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Her brown eyes remind me of a fawns, big and brown; but they are too big for her face which is pale and coated in hastily applied makeup that she is not supposed to wear. She has honey colored hair, pulled back sometimes. I am a sophomore, but I have a higher social status than her, a year above me in school, and two in age. In fact, most of the freshmen seem to have some sort of social superiority over her.
It is sad, how awkward a person can be. I have two classes with Lilly this year, and somehow her different-ness stands out to everyone.
When I first entered high school as a freshmen, I obviously didn’t demand a huge amount of respect from upperclassmen, I was just another freshman. But she looked up to me. I guess it was because I didn’t ridicule her. I still don’t, and I am a minority. Through the eye of the crowd, this is the girl who posts videos of herself singing when she can’t sing. This is the girl who can’t apply makeup. This is the girl who thinks she is dating one of the popular juniors, even though he claims no part in any such relationship. This is the girl who is just barely there.
Through my eyes, this is the girl who is picked on. She is the one who sits in two of my classes with barely passing grades. She is the one who came to me.
I am not proud of what I said when she asked point blank if she could be my friend.
I felt pressed between a rock and a hard place. There were social stigmas attached to this girl, and some of my friends couldn’t understand my sympathies for her. Likewise I had no understanding for it, but also could not comprehend their cruel words whispered behind her back.
When she asked me, my response was something along the lines of “I’ll be here if you need help at school.” I did not directly accept her plea for help. Not making that commitment has certainly saved me some grief, but it has caused her some pain. Somehow, this girl demands no respect - from teachers or students alike - and she can’t seem to stand up for herself. It pains me when I see her pitiful face, but having not made that connection fully, it couldn’t be my fault, could it? As a bystander who did nothing, it was as much my fault as it was anyone elses.
Everyday, I sit in two classes with her. I try to explain things to her, but step aside when people put her down. I sit in Spanish, and hear stories of her life again and again. I sit in the front row and feel some remorse when the teacher yells at her to do her work. I feel remorse again when she brags about the 63 she just barely managed. I glance at the 90-something on my paper, and am sorry. But I do nothing.
I say nothing.
I am trying to change that.
* * * *
Each month my school has a service learning day.
As my advisor reads off names for our group - those of us going to the Children’s Museum - my heart sinks at the combination of students who will have to deal with one another all day; I cringe as the bickering starts before we are even on the bus. All day, Sterling, Lilly’s would-be boyfriend, seems to grit his teeth. He seems to reach the boiling point midway through the day. Their interaction degrades in quality to that of kindergarteners. Holly yells at everyone, only aggravating the issue. The rest of us, are bystanders.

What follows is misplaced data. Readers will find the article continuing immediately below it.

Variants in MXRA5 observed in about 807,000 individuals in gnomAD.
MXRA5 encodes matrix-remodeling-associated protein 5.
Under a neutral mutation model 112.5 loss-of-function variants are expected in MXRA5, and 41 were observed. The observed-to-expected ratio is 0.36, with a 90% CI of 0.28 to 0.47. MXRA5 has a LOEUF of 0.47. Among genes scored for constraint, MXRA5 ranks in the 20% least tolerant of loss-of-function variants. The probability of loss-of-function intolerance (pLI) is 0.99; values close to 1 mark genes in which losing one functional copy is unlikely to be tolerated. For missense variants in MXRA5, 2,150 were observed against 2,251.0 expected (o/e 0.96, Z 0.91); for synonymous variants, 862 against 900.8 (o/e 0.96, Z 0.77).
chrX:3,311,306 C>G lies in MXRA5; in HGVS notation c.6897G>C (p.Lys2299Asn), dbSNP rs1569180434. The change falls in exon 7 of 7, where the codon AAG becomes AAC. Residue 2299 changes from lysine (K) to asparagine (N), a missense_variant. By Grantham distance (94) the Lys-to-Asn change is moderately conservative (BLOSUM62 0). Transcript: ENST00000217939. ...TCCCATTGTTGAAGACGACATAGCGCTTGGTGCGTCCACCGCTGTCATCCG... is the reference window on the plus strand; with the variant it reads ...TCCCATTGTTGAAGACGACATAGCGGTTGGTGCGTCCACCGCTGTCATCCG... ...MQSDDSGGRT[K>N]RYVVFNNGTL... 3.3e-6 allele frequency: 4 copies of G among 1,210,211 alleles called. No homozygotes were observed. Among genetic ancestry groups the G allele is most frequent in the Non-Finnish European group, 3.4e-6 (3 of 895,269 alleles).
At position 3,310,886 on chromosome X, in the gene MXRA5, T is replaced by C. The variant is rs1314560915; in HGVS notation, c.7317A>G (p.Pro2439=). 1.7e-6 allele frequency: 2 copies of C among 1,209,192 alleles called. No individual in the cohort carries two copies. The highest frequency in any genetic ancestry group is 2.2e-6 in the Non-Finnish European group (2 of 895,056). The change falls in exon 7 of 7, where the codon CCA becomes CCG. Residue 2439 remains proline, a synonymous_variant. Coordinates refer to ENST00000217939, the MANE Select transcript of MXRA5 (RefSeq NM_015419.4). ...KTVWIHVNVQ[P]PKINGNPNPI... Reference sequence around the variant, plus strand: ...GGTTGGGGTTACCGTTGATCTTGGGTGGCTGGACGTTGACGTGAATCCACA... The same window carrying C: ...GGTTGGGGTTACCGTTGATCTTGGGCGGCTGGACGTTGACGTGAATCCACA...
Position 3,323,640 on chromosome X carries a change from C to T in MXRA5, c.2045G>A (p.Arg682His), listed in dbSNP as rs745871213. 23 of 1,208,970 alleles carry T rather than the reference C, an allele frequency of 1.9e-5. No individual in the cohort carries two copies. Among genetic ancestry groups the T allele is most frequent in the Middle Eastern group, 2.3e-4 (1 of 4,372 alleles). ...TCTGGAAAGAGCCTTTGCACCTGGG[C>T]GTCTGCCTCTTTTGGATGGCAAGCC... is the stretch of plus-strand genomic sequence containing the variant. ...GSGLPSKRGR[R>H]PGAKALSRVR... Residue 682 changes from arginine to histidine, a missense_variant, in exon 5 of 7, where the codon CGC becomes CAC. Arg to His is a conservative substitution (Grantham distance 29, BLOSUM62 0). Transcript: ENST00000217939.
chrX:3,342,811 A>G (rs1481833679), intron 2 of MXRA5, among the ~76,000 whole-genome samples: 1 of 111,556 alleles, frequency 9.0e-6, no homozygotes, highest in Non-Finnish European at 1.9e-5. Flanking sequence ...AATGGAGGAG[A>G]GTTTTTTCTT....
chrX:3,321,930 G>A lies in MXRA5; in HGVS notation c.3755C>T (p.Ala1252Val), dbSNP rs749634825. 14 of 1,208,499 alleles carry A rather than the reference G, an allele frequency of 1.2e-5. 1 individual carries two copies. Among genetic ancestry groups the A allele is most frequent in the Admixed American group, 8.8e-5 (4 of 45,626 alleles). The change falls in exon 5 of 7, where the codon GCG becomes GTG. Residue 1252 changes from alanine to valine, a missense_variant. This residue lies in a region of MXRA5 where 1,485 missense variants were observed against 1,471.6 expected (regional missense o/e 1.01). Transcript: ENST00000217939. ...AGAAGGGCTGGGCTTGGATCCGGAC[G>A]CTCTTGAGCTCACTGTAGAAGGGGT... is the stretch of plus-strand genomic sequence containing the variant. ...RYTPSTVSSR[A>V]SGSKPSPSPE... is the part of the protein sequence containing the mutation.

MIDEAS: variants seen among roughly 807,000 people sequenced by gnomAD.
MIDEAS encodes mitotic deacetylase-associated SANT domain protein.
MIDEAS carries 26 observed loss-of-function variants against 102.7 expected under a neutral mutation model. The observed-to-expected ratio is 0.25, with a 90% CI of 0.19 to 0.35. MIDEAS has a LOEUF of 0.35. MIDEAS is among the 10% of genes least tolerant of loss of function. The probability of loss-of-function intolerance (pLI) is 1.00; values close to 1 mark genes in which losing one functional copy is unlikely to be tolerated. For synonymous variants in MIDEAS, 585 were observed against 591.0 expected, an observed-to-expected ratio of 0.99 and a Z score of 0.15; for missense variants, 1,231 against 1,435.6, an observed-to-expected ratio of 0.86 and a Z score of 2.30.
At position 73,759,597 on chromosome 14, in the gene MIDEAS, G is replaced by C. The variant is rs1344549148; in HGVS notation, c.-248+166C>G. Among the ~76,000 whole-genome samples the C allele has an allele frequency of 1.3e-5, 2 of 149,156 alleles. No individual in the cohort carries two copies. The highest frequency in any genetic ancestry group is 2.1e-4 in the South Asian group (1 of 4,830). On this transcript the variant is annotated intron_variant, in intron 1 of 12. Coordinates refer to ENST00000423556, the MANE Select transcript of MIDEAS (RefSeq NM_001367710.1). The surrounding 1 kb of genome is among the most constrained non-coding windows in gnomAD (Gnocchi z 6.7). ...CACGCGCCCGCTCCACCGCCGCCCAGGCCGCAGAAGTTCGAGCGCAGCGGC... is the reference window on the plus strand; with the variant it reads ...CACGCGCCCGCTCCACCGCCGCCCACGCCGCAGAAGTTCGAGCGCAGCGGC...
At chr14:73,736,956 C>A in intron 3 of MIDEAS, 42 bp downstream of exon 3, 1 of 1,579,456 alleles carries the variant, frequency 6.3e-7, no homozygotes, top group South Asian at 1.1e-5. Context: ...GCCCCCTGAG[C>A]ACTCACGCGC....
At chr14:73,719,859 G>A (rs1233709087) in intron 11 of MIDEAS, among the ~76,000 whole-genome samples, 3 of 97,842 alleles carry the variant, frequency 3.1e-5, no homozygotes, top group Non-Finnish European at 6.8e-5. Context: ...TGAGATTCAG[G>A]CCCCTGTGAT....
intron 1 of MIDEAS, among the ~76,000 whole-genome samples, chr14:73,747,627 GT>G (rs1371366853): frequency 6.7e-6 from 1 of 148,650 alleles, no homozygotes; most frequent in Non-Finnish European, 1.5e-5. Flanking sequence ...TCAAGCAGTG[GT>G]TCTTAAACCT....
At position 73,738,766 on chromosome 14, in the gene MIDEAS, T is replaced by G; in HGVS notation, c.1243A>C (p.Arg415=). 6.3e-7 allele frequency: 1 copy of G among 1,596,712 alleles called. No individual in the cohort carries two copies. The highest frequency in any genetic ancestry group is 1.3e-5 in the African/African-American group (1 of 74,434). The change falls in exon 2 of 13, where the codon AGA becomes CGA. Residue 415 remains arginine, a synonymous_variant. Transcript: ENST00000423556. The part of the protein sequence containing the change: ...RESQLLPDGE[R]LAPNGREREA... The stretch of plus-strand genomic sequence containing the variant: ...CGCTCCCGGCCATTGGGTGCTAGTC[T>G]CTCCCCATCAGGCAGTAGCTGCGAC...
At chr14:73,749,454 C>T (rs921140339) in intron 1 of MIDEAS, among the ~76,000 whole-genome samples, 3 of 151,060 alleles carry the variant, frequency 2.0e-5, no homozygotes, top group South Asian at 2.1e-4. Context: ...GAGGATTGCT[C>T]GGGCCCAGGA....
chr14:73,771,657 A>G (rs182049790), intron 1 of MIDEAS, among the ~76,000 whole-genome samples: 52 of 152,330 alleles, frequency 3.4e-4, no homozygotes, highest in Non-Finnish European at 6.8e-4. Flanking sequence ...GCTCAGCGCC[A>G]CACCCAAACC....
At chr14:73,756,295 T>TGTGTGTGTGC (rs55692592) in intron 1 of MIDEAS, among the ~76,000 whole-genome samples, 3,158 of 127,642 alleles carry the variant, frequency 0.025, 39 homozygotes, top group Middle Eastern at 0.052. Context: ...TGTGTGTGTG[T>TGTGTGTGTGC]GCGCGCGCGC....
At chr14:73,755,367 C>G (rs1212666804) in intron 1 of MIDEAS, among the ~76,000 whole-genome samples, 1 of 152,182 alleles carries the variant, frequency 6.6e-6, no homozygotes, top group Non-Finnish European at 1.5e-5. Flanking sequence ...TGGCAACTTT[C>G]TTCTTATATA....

By the time we leave - early due to the “overall poor behavior of the group” - tensions have elevated. Dirt has been thrown, paint has been splattered on Kelly’s white pants, and those of us who have yet to speak are frustrated and embarrassed for the school. We are sick of the fighting. But not one of us has said a thing to stand up for her.
I have had enough. I am tired of not talking. It makes me sad that I waited until their behavior messed up my day to say anything, but I hope I’m not too late.
“Lilly, do you want to study for Spanish on the way back?” I run the water in the sink and don’t look at her face as I wash my hands.
She seems to visibly brighten and quietly accepts my invitation. We go our separate ways until we arrive at the bus. I gather my lunchbox from the seat I had occupied and move up next to her. I don’t know if people notice, and honestly, I don’t care. I hope she knows what I am doing for her, but again, I don’t really care. I don’t know if she senses that I really do want to help her. I don’t know what she thinks, I do know that as I quiz her on vocabulary and irregular preterite verb forms, I see more to her than I have ever seen in a classroom. She puts herself out there, opening up.
As the school bus pulls into the school parking lot, I turn to Lilly. Speaking to her as the human being that she is, I ask her to study tonight for the quiz tomorrow. Just fifteen minutes I say. “Lilly, you know these, just do this tonight, and you will do well tomorrow.”
I want to give her hope. Hope for success.
After the quiz the next day, she comes over and shows me the grade in red ink on the top of her paper. 87. Good job Lilly. You can do it!
You can do it, and I am here.